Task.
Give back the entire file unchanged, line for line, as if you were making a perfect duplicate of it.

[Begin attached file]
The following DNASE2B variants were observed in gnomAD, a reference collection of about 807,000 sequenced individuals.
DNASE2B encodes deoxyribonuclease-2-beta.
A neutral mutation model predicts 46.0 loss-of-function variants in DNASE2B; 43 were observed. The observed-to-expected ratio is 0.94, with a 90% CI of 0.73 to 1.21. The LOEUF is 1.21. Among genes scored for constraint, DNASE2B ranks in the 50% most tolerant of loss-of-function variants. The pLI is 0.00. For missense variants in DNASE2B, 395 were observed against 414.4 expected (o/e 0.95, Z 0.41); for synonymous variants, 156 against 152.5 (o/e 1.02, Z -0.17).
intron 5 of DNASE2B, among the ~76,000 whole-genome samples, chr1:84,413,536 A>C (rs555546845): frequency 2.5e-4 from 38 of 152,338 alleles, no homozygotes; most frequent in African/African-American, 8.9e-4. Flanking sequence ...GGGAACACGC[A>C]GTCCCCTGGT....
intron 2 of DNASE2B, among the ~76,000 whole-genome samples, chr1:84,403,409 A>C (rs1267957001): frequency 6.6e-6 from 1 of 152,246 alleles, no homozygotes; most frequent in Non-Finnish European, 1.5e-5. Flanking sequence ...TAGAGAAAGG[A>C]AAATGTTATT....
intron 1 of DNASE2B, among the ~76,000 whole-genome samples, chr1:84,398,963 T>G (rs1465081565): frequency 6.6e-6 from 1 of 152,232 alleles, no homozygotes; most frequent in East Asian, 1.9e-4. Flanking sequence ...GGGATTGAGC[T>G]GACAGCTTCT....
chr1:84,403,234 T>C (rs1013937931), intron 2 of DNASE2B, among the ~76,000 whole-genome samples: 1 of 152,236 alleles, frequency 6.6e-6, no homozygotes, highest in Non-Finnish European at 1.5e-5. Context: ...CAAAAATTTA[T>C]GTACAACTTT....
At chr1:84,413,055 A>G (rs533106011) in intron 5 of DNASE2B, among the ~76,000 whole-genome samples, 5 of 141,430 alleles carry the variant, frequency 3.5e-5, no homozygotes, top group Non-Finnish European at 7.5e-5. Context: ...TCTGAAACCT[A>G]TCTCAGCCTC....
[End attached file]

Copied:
The following DNASE2B variants were observed in gnomAD, a reference collection of about 807,000 sequenced individuals.
DNASE2B encodes deoxyribonuclease-2-beta.
A neutral mutation model predicts 46.0 loss-of-function variants in DNASE2B; 43 were observed. The observed-to-expected ratio is 0.94, with a 90% CI of 0.73 to 1.21. The LOEUF is 1.21. Among genes scored for constraint, DNASE2B ranks in the 50% most tolerant of loss-of-function variants. The pLI is 0.00. For missense variants in DNASE2B, 395 were observed against 414.4 expected (o/e 0.95, Z 0.41); for synonymous variants, 156 against 152.5 (o/e 1.02, Z -0.17).
intron 5 of DNASE2B, among the ~76,000 whole-genome samples, chr1:84,413,536 A>C (rs555546845): frequency 2.5e-4 from 38 of 152,338 alleles, no homozygotes; most frequent in African/African-American, 8.9e-4. Flanking sequence ...GGGAACACGC[A>C]GTCCCCTGGT....
intron 2 of DNASE2B, among the ~76,000 whole-genome samples, chr1:84,403,409 A>C (rs1267957001): frequency 6.6e-6 from 1 of 152,246 alleles, no homozygotes; most frequent in Non-Finnish European, 1.5e-5. Flanking sequence ...TAGAGAAAGG[A>C]AAATGTTATT....
intron 1 of DNASE2B, among the ~76,000 whole-genome samples, chr1:84,398,963 T>G (rs1465081565): frequency 6.6e-6 from 1 of 152,232 alleles, no homozygotes; most frequent in East Asian, 1.9e-4. Flanking sequence ...GGGATTGAGC[T>G]GACAGCTTCT....
chr1:84,403,234 T>C (rs1013937931), intron 2 of DNASE2B, among the ~76,000 whole-genome samples: 1 of 152,236 alleles, frequency 6.6e-6, no homozygotes, highest in Non-Finnish European at 1.5e-5. Context: ...CAAAAATTTA[T>C]GTACAACTTT....
At chr1:84,413,055 A>G (rs533106011) in intron 5 of DNASE2B, among the ~76,000 whole-genome samples, 5 of 141,430 alleles carry the variant, frequency 3.5e-5, no homozygotes, top group Non-Finnish European at 7.5e-5. Context: ...TCTGAAACCT[A>G]TCTCAGCCTC....